We cannot directly project the Booking.com analysis to other platforms, as Booking.com differs with respect to the review mechanism and is the only platform for which we can segment reviews by their submission device. That said, it would be worth investigating whether the tendency of users of mobile devices to produce shorter reviews and use stronger sentiment words, can explain the trends we observe in Sect. 4. It would also be worth investigating whether users of personal computers and mobile devices are similar with respect to enhanced sentiment and one-sided reviews simply because Booking.com requires them to report both negative and positive views: Without this requirement, the similarity might disappear.

8 Conclusions and implications

In this paper, we demonstrate the linguistic changes in online reviews over time. Our findings show that, in general, reviews have become less diverse, less comprehensive, and more polarized. By analyzing user behavior over tipping points, we show these trends are not unique for new users but rather happen across the general reviewers’ population. Additional analysis reveals that the trends mentioned above are taking place in helpful reviews as well, having a broad effect as these reviews are of high visibility. We offer an optional explanation for these trends, as we observe linguistic differences stemming from the texts submission device. We show that reviews sent from a mobile device are characterized by shorter texts and stronger sentiment terms, on average. The behavioral differences between mobile device users and personal computer users, combined with the growing popularity of mobile devices, might lead to the changes we observe (see Sect. 7 for more details). We believe our findings have multiple implications concerning diverse groups of people.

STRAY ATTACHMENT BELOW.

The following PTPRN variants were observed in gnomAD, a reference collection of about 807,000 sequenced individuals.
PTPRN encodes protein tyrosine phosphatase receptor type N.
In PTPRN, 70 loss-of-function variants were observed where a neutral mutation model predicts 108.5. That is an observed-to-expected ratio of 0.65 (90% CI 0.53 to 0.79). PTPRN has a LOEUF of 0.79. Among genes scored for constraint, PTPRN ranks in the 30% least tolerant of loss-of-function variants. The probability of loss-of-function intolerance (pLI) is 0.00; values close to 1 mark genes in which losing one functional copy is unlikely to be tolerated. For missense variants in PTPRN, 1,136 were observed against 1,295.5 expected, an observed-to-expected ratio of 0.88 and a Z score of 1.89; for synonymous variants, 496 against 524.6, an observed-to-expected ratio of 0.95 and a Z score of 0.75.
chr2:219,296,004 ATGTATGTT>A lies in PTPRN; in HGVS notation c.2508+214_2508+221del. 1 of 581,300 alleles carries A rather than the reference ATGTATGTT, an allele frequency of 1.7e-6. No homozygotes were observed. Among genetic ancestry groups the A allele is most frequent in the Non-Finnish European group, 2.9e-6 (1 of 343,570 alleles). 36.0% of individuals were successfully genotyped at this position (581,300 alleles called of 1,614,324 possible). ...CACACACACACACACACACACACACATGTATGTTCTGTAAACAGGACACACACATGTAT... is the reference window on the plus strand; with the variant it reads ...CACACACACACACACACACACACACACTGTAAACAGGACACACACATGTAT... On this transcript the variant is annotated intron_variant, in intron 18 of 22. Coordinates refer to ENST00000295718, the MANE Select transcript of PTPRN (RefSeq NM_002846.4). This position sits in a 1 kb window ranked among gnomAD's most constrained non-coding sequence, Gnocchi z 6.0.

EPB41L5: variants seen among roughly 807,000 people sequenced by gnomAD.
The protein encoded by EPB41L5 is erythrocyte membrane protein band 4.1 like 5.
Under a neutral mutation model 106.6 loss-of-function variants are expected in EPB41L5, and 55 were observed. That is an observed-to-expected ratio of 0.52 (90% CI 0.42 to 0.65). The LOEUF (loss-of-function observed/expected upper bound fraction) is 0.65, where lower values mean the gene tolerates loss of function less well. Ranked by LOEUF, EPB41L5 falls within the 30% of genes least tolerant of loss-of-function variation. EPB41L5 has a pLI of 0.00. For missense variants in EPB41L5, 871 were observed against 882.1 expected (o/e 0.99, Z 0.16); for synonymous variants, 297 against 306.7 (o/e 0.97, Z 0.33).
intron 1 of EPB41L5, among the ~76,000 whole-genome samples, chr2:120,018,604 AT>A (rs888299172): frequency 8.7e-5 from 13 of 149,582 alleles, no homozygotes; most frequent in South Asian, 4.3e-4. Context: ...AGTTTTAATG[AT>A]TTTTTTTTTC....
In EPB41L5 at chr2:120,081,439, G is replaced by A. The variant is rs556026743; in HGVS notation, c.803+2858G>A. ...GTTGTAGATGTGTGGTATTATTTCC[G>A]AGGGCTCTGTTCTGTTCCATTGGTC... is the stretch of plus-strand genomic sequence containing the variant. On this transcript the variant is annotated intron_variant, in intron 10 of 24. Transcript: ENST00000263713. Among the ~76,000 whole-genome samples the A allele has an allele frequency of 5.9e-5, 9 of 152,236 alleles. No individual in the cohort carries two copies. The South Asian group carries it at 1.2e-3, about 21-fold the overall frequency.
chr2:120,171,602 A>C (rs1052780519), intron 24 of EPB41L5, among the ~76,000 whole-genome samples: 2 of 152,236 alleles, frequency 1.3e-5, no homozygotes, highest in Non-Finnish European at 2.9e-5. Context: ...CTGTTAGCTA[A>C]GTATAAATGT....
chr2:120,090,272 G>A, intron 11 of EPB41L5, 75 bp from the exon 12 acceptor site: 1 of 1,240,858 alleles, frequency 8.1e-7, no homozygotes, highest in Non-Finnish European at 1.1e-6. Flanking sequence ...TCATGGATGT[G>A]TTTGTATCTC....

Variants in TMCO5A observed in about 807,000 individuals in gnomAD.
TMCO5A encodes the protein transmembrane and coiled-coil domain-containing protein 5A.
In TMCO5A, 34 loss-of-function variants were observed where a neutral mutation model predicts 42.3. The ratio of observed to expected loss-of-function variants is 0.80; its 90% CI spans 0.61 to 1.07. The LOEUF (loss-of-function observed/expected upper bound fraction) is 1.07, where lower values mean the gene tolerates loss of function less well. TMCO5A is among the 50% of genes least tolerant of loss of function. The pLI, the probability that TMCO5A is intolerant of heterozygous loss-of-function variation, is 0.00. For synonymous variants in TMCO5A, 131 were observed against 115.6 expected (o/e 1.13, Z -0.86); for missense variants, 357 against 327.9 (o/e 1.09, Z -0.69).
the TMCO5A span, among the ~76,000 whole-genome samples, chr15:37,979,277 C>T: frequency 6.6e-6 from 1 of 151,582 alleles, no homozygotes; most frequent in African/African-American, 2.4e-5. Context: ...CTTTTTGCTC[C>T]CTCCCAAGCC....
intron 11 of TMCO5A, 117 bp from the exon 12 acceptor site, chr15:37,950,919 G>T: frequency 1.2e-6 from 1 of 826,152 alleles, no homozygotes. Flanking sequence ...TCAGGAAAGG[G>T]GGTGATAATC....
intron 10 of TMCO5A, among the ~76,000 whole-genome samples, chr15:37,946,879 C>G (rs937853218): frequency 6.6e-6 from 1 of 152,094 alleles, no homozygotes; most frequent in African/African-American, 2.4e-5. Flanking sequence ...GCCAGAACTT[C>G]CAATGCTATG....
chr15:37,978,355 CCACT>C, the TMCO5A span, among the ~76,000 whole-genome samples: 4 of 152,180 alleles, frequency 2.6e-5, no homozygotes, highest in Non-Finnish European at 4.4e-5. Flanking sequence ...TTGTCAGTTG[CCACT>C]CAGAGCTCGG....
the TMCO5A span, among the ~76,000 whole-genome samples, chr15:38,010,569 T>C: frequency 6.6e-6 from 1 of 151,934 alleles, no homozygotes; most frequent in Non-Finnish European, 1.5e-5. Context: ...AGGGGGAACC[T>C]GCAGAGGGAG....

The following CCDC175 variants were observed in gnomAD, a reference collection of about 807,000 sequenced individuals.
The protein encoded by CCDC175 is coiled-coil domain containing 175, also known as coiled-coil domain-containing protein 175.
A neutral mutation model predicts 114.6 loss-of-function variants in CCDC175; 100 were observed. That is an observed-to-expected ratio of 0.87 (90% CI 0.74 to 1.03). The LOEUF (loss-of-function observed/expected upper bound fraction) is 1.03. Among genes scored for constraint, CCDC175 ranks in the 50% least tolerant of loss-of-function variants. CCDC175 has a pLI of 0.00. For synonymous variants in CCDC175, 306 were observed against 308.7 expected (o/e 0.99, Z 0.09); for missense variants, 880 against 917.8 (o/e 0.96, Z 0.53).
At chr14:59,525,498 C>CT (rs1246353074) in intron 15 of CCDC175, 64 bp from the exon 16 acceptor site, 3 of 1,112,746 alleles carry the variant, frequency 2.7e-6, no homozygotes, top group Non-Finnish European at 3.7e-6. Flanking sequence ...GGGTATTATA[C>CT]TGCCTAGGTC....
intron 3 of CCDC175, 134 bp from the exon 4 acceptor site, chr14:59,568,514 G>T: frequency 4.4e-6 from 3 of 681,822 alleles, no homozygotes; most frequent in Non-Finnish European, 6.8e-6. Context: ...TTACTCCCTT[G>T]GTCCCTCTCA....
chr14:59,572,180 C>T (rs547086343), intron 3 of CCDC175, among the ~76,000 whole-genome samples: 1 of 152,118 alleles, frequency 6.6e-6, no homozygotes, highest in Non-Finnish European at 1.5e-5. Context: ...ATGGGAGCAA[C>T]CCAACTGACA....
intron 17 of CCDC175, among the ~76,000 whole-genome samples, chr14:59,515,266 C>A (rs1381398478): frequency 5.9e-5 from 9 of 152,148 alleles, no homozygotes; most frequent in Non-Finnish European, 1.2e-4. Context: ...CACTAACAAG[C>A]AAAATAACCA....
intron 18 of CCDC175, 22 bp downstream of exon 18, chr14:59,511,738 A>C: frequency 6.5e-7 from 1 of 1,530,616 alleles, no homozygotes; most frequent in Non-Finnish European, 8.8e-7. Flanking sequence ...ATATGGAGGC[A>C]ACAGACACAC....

8.1 Implications for readers of online reviews

Whether it is for healthcare (Jucks & Thon, 2017; Witteman et al., 2016), finance (Li et al., 2019), or purchasing a product (Lackermair et al., 2013; Shihab & Putri, 2019), people often rely on reviews to help them make more informed decisions. As our findings show that reviews have gotten less comprehensive over the years, readers might consider reading older reviews, if available, or reading both negative and positive reviews to get a full picture. We advise taking under consideration a potential change in the expression of identical sentiment when considering a bundle of reviews from different years, and correcting for such possible variation when reviews from older years are compared to reviews from recent years. Given a specific reviewed item, though, there might be other factors in such a change that are relevant to the item (such as reviews becoming outdated).

8.2 Implications for writers of online reviews

Yoo and Gretzel (2008) show that two of the main motivations of people to write a hotel review are helping a travel service provider and their concerns for other consumers. In addition, they found that venting negative feelings is not a significant motivation for posting negative reviews. Later, Rensink (2013) reinforced these findings. For writing a helpful opinionated text, one needs to be mindful of the text length, as it is strongly correlated with its helpfulness (see Sect. 6 for more details). In addition, our findings show that reviews sent from a mobile device are shorter, supporting previous results. Reviews sent from a mobile device are also less helpful and perceived as such by the public (see Sect. 7 for more details). We, therefore, suggest that for submitting a useful opinionated text, one should be mindful of the review length and the device used for submitting the review.

8.3 Implications for platforms hosting online reviews

Whether they are the main service, a platform provides, e.g., in Yelp, or a complementary service for customers, e.g., in Amazon, online reviews are crucial for any platform’s value proposition. A testimony to the importance of review quality is the extensive efforts that review platforms invest in moderating them and improving their credibility (see Sect. 2). We believe that review platforms, or any platform for opinionated texts, should monitor changes in the language used and adjust accordingly, increasing reviews’ helpfulness. For example, Booking.com encouraging reviewers to articulate the hotel’s negative and positive aspects might ease the percentage of highly one-sided reviews. High-quality reviews are crucial for new or less popular products or services where reviews are scarce.